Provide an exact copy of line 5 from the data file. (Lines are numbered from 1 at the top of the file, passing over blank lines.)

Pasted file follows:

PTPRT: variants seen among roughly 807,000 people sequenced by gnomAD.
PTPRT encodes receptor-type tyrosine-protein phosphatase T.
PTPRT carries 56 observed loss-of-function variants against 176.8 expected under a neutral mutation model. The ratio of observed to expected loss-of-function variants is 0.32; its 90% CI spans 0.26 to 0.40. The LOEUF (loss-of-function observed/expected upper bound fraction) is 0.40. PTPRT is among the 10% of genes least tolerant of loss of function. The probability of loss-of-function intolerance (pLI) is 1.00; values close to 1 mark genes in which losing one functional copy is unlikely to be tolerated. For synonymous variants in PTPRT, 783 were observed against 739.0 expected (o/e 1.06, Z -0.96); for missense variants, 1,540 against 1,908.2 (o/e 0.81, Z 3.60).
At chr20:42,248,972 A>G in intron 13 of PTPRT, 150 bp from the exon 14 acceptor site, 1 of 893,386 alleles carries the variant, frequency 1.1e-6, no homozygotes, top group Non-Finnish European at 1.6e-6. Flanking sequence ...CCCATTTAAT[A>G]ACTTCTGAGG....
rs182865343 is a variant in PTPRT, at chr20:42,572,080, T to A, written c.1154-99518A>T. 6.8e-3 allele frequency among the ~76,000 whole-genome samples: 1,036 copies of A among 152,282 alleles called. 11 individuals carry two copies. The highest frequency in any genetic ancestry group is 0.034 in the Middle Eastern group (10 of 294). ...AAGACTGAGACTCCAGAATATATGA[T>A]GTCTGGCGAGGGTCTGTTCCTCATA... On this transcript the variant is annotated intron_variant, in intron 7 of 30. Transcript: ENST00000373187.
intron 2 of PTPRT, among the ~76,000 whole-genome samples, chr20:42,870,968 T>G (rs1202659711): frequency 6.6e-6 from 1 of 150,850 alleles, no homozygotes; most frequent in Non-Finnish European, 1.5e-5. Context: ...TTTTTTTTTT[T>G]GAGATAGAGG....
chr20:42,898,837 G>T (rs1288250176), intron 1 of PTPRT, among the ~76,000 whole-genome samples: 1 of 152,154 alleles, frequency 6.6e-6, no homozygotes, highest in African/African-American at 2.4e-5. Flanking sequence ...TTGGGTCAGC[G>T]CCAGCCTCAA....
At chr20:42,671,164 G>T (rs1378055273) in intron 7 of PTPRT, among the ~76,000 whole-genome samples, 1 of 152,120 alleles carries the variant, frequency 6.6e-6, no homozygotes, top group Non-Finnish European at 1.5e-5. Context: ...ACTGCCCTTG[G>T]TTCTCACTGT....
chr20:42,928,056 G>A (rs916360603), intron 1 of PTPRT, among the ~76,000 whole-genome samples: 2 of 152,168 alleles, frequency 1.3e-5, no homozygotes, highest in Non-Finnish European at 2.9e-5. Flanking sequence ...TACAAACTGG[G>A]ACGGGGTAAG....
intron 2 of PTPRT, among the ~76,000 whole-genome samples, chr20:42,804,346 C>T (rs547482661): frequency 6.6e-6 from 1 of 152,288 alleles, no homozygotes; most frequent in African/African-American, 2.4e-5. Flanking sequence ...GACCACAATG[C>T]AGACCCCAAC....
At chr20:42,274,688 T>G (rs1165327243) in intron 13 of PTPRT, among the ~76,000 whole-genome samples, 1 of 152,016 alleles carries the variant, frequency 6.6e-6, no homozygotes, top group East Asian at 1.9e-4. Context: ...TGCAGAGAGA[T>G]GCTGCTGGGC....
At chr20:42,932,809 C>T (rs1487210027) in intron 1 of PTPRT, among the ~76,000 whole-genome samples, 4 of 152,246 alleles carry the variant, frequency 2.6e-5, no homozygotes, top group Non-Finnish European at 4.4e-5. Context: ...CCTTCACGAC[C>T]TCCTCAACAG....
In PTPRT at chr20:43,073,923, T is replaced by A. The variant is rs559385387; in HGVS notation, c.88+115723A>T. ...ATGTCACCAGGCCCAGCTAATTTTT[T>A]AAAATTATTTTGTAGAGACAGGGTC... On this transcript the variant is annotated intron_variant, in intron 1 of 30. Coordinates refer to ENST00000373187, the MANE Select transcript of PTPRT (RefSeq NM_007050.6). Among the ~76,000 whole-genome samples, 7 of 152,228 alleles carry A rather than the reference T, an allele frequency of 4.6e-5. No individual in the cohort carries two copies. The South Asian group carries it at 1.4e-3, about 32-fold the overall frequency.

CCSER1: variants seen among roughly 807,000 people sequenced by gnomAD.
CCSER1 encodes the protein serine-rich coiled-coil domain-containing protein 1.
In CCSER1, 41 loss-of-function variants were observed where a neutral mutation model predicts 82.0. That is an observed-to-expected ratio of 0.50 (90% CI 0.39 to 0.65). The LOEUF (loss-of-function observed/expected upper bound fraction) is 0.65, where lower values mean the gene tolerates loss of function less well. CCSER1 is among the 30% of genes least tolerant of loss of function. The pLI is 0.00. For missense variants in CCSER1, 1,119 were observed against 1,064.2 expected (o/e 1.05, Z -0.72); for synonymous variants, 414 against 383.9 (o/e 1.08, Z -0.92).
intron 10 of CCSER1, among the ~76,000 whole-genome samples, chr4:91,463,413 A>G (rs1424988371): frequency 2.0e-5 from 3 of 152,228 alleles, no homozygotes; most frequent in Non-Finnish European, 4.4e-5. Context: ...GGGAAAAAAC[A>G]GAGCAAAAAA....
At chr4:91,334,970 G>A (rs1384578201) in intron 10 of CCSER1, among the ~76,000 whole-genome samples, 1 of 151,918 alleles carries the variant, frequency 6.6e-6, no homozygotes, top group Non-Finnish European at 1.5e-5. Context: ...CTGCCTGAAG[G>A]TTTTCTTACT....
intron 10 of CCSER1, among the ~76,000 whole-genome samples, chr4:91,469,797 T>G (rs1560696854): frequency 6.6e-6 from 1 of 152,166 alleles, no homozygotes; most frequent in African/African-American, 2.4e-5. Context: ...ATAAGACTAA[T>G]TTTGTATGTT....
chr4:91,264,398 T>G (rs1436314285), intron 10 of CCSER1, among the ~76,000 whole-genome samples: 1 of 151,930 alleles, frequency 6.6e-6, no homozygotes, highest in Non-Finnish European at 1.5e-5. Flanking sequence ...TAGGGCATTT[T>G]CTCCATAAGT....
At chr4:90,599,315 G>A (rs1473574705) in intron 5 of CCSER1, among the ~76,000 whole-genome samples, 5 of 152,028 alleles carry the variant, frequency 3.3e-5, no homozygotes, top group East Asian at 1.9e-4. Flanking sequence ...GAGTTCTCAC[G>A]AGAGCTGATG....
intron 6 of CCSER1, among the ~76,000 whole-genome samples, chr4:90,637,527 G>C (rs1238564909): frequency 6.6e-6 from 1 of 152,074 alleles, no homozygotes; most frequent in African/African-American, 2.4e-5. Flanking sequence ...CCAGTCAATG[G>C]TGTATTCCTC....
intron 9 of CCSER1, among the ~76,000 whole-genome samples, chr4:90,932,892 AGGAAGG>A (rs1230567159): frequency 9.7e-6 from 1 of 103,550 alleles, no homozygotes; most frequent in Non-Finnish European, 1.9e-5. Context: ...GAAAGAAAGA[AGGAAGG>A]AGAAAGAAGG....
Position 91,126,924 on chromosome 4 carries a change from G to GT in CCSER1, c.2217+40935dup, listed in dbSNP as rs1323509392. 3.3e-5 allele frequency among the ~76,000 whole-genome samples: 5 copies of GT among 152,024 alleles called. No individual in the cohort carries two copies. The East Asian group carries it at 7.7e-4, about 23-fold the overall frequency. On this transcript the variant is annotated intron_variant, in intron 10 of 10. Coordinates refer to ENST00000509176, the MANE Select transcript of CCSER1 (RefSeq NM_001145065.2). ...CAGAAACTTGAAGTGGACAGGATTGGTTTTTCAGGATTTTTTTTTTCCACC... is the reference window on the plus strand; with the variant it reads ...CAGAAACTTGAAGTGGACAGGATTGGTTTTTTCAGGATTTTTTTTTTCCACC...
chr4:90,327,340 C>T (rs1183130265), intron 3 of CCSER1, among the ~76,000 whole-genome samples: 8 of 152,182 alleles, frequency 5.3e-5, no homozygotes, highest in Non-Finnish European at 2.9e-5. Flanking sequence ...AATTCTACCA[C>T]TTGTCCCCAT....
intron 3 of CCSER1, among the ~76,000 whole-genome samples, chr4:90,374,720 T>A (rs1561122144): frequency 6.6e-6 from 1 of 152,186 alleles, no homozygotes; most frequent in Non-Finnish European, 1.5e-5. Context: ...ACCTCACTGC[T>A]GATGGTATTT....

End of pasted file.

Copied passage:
rs182865343 is a variant in PTPRT, at chr20:42,572,080, T to A, written c.1154-99518A>T. 6.8e-3 allele frequency among the ~76,000 whole-genome samples: 1,036 copies of A among 152,282 alleles called. 11 individuals carry two copies. The highest frequency in any genetic ancestry group is 0.034 in the Middle Eastern group (10 of 294). ...AAGACTGAGACTCCAGAATATATGA[T>A]GTCTGGCGAGGGTCTGTTCCTCATA... On this transcript the variant is annotated intron_variant, in intron 7 of 30. Transcript: ENST00000373187.